Our Get Psyched Friday post comes from blog contributor Eleanor Mackey.
There has been a lot of media coverage recently about spanking children as a form of discipline, which makes it a good time to discuss this controversial topic.
It is difficult to raise young children, who seem to make it their job to test parents’ limits. I know I often experience frustration when my 3 year old does something deliberately when I ask her not to, or does something dangerous that I need her to stop immediately. An important part of parenting is setting consistent guidelines and limits for children by using loving but firm techniques to guide their behavior.
Often parents are unsure about how to manage their children’s behavior and resort to techniques such as spanking.
So, is it okay to spank your child?
- The answer is NO.
- There is good evidence that spanking is not effective for changing a child’s behavior over the long term.
- Recent evidence shows that spanking can be harmful as it is associated with later aggression and potentially even future mental health problems.
Spanking can be a counterintuitive punishment. Recently, I saw a mom in the park respond to her older son hitting his younger brother by slapping the older child while saying “you don’t hit!” This simply teaches the boy that hitting can be used to stop other people’s behaviors and is very confusing when he is getting disciplined for this very action.
Is it okay to spank in a dangerous situation?
There is nothing scarier than when your child runs out into the street. A quick reaction sometimes includes a quick slap. Although it is an understandable reaction, this is not the best approach. Sometimes it is essential to physically grab your child to keep them safe, but be sure to be very careful not to hurt them intentionally.
When you hit out of anger or fear, as in this situation, it is likely that you will be more forceful than you should or mean to be, so best not to hit at all. Instead, remove the child from the dangerous situation and speak to him/her very firmly about the fact that behavior was dangerous and how much he/she scared you. Immediately put them in time out.
What can you do instead of spanking?
Time out, when used correctly, can be a very effective behavior management technique. Important points of time-out:
- Use it consistently – let your child know what behaviors will always result in time out.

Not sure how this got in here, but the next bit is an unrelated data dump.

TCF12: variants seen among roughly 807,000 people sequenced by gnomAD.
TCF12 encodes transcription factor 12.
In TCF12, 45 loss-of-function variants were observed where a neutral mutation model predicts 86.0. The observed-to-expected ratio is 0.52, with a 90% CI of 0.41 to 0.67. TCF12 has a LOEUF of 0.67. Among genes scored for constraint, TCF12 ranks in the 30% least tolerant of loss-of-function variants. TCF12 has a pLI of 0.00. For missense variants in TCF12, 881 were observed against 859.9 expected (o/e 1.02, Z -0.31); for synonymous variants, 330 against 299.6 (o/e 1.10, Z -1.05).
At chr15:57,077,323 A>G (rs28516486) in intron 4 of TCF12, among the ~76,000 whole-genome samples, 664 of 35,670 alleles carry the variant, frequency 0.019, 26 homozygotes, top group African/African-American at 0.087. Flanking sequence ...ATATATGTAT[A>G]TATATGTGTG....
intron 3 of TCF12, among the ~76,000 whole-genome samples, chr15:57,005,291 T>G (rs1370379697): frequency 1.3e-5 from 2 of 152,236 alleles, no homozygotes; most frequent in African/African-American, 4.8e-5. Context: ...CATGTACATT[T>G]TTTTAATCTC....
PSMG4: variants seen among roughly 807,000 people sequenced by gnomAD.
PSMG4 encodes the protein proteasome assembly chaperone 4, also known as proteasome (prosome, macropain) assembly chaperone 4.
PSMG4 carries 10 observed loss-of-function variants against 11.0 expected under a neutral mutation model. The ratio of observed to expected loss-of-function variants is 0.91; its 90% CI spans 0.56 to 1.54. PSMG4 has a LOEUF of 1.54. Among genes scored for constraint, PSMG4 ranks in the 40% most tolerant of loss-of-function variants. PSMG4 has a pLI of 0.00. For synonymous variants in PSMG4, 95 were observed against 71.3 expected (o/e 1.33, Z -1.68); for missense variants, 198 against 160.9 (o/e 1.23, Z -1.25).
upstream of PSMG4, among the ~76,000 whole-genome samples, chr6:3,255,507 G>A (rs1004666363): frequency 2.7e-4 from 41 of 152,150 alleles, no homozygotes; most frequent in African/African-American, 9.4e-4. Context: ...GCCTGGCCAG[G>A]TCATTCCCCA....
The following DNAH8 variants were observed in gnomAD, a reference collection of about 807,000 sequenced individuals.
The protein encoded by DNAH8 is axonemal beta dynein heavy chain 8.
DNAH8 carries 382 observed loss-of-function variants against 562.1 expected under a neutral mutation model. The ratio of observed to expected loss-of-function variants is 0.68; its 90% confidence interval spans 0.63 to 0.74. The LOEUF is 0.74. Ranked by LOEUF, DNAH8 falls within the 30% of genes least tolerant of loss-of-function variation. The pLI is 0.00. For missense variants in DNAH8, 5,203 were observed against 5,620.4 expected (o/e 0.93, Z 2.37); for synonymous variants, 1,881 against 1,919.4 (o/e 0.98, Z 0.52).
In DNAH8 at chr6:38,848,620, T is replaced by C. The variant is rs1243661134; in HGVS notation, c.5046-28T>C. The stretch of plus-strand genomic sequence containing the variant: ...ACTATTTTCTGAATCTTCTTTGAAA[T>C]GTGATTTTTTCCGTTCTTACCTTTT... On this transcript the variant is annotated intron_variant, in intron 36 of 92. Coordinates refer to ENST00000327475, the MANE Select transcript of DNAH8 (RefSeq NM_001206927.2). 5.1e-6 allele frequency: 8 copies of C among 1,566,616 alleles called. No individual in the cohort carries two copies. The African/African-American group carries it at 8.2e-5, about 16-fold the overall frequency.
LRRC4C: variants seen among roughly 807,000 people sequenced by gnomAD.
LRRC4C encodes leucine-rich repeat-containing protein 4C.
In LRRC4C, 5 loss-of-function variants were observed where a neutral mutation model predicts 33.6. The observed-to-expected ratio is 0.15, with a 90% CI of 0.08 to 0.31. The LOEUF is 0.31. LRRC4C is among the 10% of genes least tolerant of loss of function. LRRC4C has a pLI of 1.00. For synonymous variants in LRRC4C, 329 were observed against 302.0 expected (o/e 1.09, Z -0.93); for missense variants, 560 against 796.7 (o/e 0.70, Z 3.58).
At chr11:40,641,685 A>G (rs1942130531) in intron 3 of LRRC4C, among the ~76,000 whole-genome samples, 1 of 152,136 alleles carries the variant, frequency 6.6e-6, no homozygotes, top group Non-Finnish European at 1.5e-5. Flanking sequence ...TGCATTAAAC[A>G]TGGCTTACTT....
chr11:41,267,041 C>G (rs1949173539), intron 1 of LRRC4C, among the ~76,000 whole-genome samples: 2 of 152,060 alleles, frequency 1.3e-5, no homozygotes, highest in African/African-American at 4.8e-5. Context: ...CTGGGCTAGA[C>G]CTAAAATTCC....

- When a negative behavior occurs, stay calm and try to keep anger/emotion out of your voice (this can sometimes actually be reinforcing to the child).
- Calmly tell the child that X behavior is unacceptable and that they are going to time out.
- Put the child in a safe and boring space (avoid their room or another area with toys).
- Set a timer with one minute of time out for every year of age (2 year old gets 2 minutes, 3 year old gets 3 minutes, etc.).
- Don’t engage your child while he/she is in time out. If he/she comes out of the designated space, calmly place him/her back and reset the timer.
- When the timer goes off, calmly ask the child why they were in time out and then give them a hug.
- For some kids, especially older kids, it can be equally effective to put something they want (a toy, for example) in time out using the same process.
There are many books available, but these are my top recommendations:
If you are struggling with managing your child, you don’t have to wait until you are desperate to seek help. Child psychologists have a lot of experience helping parents manage normal child behavior as well as behavior that is especially difficult. It can be very useful for parents to meet for a few sessions with a psychologist to get tips specific to their family and their child to improve behavior and decrease stress. If you find you are resorting to hitting your child because you aren’t sure what else to do, talk to your pediatrician or another professional.
What does your child does to push your buttons? What techniques have you found helpful for your family?